Jun 19 • 6M

The Keys to Your Home

Food, love, safety and comfort...

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Six myth-busting facts about refugees, that might surprise you

Dear Reader,

Today is day four of my Ration Challenge to raise money for Concern UK, a charity that supports refugees the world over. I thought I’d start the challenge a little earlier, whilst visiting my Dad’s place up in Norfolk, so I could be free of the temptation of a fully stocked kitchen for at least part of the week. Basically, for one week I’m eating the same foods and amounts as a Syrian refugee, living in a camp in Jordan.

Although I expected headaches and food cravings, what I didn’t anticipate is that my brain feels slower, my thinking is less sharp. In fact, everything needs to be a bit slower. This morning I felt my heart beat as I climbed the stairs, is was as if I didn’t have the energy reserves for that kind of exertion. So I’m having a day’s worth of lentils for breakfast to see me through the journey back home to London.

Obviously, these issues are nothing in comparison to what refugees have to face. I have a warm and comfortable home, I can visit my family easily, travel where I want to. I am grateful that I and my family are safe and secure.

The amount of food I’ve been allocated is shockingly small. I’ve had to divide it up to make sure I don’t eat it all within half the time. In addition, there is a lack of diversity of foods, it’s basically just beans, rice, an egg and a tin of sardines (I went for sardines instead of tofu in the end, to give myself some brain food). Oh yes, and the spring onions: the one vegetable I’m allowed. Thankfully. I'm not tired of them yet!

In fact, I’m really appreciating them, I’m eating every part even the slightly straggly green bits at the end that I might usually put in the food waste. In fact, all the rubbish I’ve accumulated in the four days I’ve been here can fit into the sardine tin. Eating like a refugee is very ecological in many ways.

Yesterday, I ran out of chickpeas, as I only took half my rations with me. I am missing their crunchy goodness. By the way, raw soaked, slightly sprouted chickpeas are are delicious! I considered roasting them with my coriander and a little oil. Yet it seemed very wrong to turn the oven on for so few chickpeas. Also I feared they would shrink!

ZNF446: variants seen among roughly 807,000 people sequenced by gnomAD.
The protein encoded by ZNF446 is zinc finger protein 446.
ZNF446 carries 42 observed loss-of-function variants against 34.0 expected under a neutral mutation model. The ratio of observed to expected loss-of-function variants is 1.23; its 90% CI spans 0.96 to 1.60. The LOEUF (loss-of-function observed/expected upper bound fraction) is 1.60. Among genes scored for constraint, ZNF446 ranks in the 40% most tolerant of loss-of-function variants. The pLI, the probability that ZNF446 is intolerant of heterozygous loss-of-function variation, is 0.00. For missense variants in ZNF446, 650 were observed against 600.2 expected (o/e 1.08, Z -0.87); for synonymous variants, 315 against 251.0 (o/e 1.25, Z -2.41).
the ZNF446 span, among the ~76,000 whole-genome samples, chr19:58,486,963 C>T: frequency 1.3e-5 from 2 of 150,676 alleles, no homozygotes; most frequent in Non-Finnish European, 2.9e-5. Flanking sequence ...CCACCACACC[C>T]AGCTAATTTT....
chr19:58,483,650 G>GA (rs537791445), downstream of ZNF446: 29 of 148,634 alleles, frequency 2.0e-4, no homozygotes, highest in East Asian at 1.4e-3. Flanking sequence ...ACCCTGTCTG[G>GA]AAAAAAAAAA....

Having so little food makes me appreciate the flavour of what I do have, I’m allowed two spices, I chose ginger and coriander and I treasure them both, but most of all I treasure salt. I’m chewing my food more than usual (even though most of what I’m eating is soup). When I walked through Sheringham town to the beach yesterday, I could smell all the different foods around me. Actually, the fish and chips did not smell very nice, but the coffee did!

Thank you to those of you who have so generously donated already! I massively appreciate your care and generosity. And if you haven’t donated yet, or feel unable, please know any amount is welcome. Your money will go where it’s needed most, to help feed and support people who are going the most enormous amount of upheaval and trauma. Another way you could help would be to share my page with friends who you think might want to support my challenge.

Here is my ration challenge page

And here is my Facebook page, which you can share with your friends if you wish. I will post up more stuff on there when I get home…

I’m hoping to hit £600 before Monday, so I can have a tin of tomatoes to go with my tin of kidney beans. These food items, plus the egg, remaining spring onion, and a few small portions of lentils and rice, will get me through until Thursday morning. If I get to £850 I can have any beverage I choose… I’ve decided to seek out the most protein rich drink I can buy if I hit that fundraising target. My stretch target is £1000 reaching that, would be amazing. I’m less than half way there at the moment.

Today, I’m going home.. I’ll find everything there including my lovely partner Alistair and my aged cat Lilly. All my books, clothes, photos and other possessions will be present, along with a kitchen full of food. Refugees don’t have these luxuries. Many still have the keys to their homes but they don’t even know if their homes have been bombed, looted or possessed by others. I’m getting a tiny glimpse of one aspect of being a refugee, but really it’s such a small part of the difficulties they face.

Please share and consider donating to support refugees (including people from Ukraine, Syria and Rohingya). Here are six myth-busting facts about refugees, that might surprise you.

Despite the challenge, classes are running, as usual, this week!

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I will have a celebration of protein and vegetables on Thursday, I’m looking forward to getting my physical and mental energy back!

Go to My Ration Challenge Page

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With love and good wishes,

Julia xxx